Thales Tonarm philosophy explained

TRACKING ERROR
While cutting the master disc of vinyl LP, the cutting-tool is hold on a massive support and guided linearly above the disc’s surface. This arrangement keeps the cutter-head rigid, even if high cutting forces occur.
While tracking the LP for playback, it’s totally different properties: the pickup-cartridge should follow the groove as smooth as possible and even tolerate eccentric and wavy vinyl. Therefore, radial pivoted tonearms are established as they allow to reduce unintentional forces at the tracking point tremendously. However, this mechanically preferred solution ends up with a geometrical error, since the cartridge is not guided tangentially to the groove anymore.
This so called tracking error basically distorts the music signal in a non-linear manner. By using non-spherical diamond tips (f. e. elliptical), further consequences as timing error and channel-differences in the frequency-response occur.
GEOMETRY THALES ORIGINAL
The unique Thales-solution combines in an elegant way the advantages of the tried and tested pivoted tonearm with the absolutely tangential tracking. This construction for which a patent was taken out on the 8th of May 2004 reduces the perfectly tangential tracking to pivot points, while the pick-up cartridge is taken and aligned on the Thales’ Circle.
All triangles ABC on the Thales’ Circle around M are rectangular in point C. Thus BC stands rectangular to AC and therefore tangential to the groove (red) with the radius AC. Because the pick-up cartridge is mounted exactly under point C and in the alignment of the straight line BC the tracking is perfectly tangential in every position.
From this completely new solution the following advantages ensue:
No tracking error and no consequential resulting distortions
Minimal friction because of pivot bearings; no linear bearings; no active tracking
Short tonearm with little resonance
Symmetric inertia at the tracking point in all axles
GEOMETRY THALES SIMPLICITY
There is a small but mighty history in finding elegant solutions for tangential tracking of analogue records. Some of the inventors concentrated themselves on tetragon-geometry:
P. W. D. BURNE-JONES 
He announced in 1953 a patent with a tetragon tonearm where the cartridge was mounted in the middle of one side. Burne-Jones sold tonearms under his own name, and his idea was adapted several times.
GARRARD ZERO 100 
This tonearm, published in 1970, is the best known solution working almost tangential. The cartridge tip was mounted exactly below a pivot-point. This idea made it possible to reduce the tracking error to +0.025 / -0.018°
Even if this solutions are not to be mixed up with the Thales-Original Solution – as the Thales is working on a triangle instead of a tetragon – the experience with the Thales geometry made it possible for Micha Huber to even optimize the tetragon solution and reduce the tracking error to 0.006° which is four times less than all solution published so far. This new geometry now made it possible to come very close to the perfect Thales geometry while using less parts and very elegant design.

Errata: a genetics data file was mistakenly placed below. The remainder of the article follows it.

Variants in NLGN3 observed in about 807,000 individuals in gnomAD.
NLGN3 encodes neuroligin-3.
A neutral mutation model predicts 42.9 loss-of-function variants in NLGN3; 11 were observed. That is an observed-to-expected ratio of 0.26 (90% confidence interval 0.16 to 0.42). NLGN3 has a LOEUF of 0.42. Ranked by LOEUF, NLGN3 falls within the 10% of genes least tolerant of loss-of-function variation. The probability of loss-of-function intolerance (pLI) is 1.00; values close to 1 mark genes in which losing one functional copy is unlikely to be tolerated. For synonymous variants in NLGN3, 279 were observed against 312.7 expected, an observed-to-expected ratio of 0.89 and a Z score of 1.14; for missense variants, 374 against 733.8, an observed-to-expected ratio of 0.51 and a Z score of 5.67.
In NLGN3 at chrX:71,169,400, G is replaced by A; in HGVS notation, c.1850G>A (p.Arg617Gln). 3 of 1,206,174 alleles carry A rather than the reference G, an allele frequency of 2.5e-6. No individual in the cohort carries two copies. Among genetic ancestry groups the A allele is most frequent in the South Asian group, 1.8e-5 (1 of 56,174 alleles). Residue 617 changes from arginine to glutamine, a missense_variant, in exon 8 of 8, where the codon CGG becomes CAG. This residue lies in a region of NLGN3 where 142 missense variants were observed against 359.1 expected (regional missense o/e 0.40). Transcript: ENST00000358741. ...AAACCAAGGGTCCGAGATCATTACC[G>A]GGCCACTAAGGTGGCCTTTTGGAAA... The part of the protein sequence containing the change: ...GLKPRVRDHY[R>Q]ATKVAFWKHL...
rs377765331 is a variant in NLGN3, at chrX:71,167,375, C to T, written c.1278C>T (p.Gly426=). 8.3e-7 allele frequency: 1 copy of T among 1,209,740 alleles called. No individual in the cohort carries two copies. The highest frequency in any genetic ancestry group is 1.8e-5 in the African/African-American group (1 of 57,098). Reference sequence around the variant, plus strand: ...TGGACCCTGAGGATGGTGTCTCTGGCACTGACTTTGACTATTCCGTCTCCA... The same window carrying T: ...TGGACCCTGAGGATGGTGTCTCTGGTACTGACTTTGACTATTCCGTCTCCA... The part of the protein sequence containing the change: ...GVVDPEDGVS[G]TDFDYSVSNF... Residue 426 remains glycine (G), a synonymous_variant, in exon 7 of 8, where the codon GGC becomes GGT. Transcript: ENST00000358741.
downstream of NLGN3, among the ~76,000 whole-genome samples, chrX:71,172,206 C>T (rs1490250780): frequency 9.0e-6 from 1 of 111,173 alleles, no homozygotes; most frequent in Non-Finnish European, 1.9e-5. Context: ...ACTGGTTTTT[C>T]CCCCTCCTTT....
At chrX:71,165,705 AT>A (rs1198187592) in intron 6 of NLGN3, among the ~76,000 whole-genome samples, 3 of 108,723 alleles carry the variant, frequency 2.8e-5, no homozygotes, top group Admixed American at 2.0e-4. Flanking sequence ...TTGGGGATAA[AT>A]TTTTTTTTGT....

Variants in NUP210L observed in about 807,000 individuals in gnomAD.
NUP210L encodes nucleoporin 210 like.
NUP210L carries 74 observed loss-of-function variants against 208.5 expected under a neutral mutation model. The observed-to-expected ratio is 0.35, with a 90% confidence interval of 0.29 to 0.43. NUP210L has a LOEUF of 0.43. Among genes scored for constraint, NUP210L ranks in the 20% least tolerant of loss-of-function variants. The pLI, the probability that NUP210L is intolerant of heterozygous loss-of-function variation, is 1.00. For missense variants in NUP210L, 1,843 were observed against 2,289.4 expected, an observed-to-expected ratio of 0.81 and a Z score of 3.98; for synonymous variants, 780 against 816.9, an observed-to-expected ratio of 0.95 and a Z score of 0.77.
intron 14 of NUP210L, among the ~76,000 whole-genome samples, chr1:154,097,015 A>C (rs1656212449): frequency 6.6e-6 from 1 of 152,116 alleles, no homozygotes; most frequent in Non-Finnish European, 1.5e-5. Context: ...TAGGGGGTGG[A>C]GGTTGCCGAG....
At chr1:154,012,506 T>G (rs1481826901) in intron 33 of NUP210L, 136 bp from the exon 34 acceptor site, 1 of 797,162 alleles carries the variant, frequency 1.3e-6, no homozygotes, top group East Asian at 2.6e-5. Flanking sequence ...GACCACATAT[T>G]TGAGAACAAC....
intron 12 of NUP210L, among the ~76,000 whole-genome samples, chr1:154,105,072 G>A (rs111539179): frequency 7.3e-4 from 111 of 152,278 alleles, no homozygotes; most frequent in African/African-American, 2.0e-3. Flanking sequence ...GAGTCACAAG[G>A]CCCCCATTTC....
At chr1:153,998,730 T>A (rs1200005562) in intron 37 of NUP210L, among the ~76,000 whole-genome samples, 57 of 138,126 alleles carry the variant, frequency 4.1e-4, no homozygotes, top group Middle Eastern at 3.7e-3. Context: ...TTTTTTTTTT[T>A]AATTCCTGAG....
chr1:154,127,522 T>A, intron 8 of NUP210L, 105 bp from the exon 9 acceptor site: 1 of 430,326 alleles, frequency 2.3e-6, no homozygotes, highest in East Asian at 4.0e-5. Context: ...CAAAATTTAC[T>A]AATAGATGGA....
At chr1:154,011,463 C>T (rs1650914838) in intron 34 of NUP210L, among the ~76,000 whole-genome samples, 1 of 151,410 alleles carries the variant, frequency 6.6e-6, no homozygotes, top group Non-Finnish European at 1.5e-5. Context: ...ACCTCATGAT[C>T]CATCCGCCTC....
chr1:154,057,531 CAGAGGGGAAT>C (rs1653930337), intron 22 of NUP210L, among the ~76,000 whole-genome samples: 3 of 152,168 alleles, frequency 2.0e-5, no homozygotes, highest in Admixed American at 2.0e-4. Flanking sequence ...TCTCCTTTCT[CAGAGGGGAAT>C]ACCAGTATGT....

GEOMETRY THALES EASY
The geometrical basis for the Easy tonearm is a novelty in tonearm-design. It’s the first solution by Thales where none of the bearing-points is located directly above the stylus. The clever arrangement of six bearing points creates three null points for the horizontal tracking error, plus a zero point for the variable offset angle. So, not only the tracking error is reduced, but the skating force as well.
SKATING FORCE
The skating force is so called because it causes the tonearm to glide over the record from the outside to the inside, so to say ‘to skate’. This force which draws the tonearm to the centre of the disc ensues indirectly from the friction between the tracking diamond and the record. This friction force always takes effect in the direction of the tangent line. If the pivot point of the tonearm is not located on the tangent, the friction force is divided into two components: one takes effect in the direction of the pivot point of the tonearm, the other takes effect towards the centre of the disc.
FORCES 
The force Ft results from the friction between the record and the tracking diamond. It acts tangentially. Because the pivot point is not located on the tangent, this force is divided into Fa which acts in the direction of the pivot point and Fs which is the skating force. The value of the skating force is not easily determined. It depends – first of all – on the music signal, further on the tracking weight, the circumferential speed and the tonearm and diamond geometry.
Therefore, even if the Thales-tonearms do track tangentially, their offset angle requiers compensation of the skating force. Since the offset angle for all our tonearms are lower than with normal tonearms, we do preset the compensation and it’s not adjustable for the client. For the different solutions, the compensation mechanism is solved as follows:
Thales Original: compensation-mass on a small lever, decreasing towards the inner groove because of decreasing offset angle
Thales Simplicity II: magnetical compensation between the two arm-tubes, decreasing towards the inner groove because of decreasing offset angle

Thales Easy: no skating compensation required, since the offset angle oscillates around the zero-point (straight arm)

Source: Thales